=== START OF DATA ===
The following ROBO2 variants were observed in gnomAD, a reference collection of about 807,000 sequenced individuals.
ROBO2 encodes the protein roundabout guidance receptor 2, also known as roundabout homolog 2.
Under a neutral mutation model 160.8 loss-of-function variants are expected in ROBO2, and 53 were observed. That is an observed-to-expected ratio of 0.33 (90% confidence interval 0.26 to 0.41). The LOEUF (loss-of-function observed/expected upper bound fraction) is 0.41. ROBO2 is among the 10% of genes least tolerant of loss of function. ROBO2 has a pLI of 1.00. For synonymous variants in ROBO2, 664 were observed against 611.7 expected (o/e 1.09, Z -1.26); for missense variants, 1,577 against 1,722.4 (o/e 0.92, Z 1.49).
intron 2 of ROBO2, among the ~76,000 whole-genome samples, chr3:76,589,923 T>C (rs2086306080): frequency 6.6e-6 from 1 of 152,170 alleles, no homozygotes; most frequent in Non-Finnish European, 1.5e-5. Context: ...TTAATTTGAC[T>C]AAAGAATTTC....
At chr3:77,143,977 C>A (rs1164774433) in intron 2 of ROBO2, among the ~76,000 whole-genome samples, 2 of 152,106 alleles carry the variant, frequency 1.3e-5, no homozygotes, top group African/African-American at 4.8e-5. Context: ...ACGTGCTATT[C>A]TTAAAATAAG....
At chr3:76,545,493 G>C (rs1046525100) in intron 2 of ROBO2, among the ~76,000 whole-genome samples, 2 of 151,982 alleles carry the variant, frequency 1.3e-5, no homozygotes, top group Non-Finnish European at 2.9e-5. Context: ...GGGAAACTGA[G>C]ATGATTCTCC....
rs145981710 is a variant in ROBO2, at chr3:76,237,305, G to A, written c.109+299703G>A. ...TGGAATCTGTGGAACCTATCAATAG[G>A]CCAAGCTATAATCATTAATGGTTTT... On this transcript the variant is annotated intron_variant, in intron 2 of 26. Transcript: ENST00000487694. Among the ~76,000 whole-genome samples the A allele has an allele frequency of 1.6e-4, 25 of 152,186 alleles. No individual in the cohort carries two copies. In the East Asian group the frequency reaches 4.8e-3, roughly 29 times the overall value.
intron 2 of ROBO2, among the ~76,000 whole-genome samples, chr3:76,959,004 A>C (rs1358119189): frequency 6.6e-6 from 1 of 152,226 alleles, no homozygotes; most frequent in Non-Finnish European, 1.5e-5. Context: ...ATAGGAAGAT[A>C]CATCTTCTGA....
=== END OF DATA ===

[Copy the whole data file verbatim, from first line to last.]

The following ROBO2 variants were observed in gnomAD, a reference collection of about 807,000 sequenced individuals.
ROBO2 encodes the protein roundabout guidance receptor 2, also known as roundabout homolog 2.
Under a neutral mutation model 160.8 loss-of-function variants are expected in ROBO2, and 53 were observed. That is an observed-to-expected ratio of 0.33 (90% confidence interval 0.26 to 0.41). The LOEUF (loss-of-function observed/expected upper bound fraction) is 0.41. ROBO2 is among the 10% of genes least tolerant of loss of function. ROBO2 has a pLI of 1.00. For synonymous variants in ROBO2, 664 were observed against 611.7 expected (o/e 1.09, Z -1.26); for missense variants, 1,577 against 1,722.4 (o/e 0.92, Z 1.49).
intron 2 of ROBO2, among the ~76,000 whole-genome samples, chr3:76,589,923 T>C (rs2086306080): frequency 6.6e-6 from 1 of 152,170 alleles, no homozygotes; most frequent in Non-Finnish European, 1.5e-5. Context: ...TTAATTTGAC[T>C]AAAGAATTTC....
At chr3:77,143,977 C>A (rs1164774433) in intron 2 of ROBO2, among the ~76,000 whole-genome samples, 2 of 152,106 alleles carry the variant, frequency 1.3e-5, no homozygotes, top group African/African-American at 4.8e-5. Context: ...ACGTGCTATT[C>A]TTAAAATAAG....
At chr3:76,545,493 G>C (rs1046525100) in intron 2 of ROBO2, among the ~76,000 whole-genome samples, 2 of 151,982 alleles carry the variant, frequency 1.3e-5, no homozygotes, top group Non-Finnish European at 2.9e-5. Context: ...GGGAAACTGA[G>C]ATGATTCTCC....
rs145981710 is a variant in ROBO2, at chr3:76,237,305, G to A, written c.109+299703G>A. ...TGGAATCTGTGGAACCTATCAATAG[G>A]CCAAGCTATAATCATTAATGGTTTT... On this transcript the variant is annotated intron_variant, in intron 2 of 26. Transcript: ENST00000487694. Among the ~76,000 whole-genome samples the A allele has an allele frequency of 1.6e-4, 25 of 152,186 alleles. No individual in the cohort carries two copies. In the East Asian group the frequency reaches 4.8e-3, roughly 29 times the overall value.
intron 2 of ROBO2, among the ~76,000 whole-genome samples, chr3:76,959,004 A>C (rs1358119189): frequency 6.6e-6 from 1 of 152,226 alleles, no homozygotes; most frequent in Non-Finnish European, 1.5e-5. Context: ...ATAGGAAGAT[A>C]CATCTTCTGA....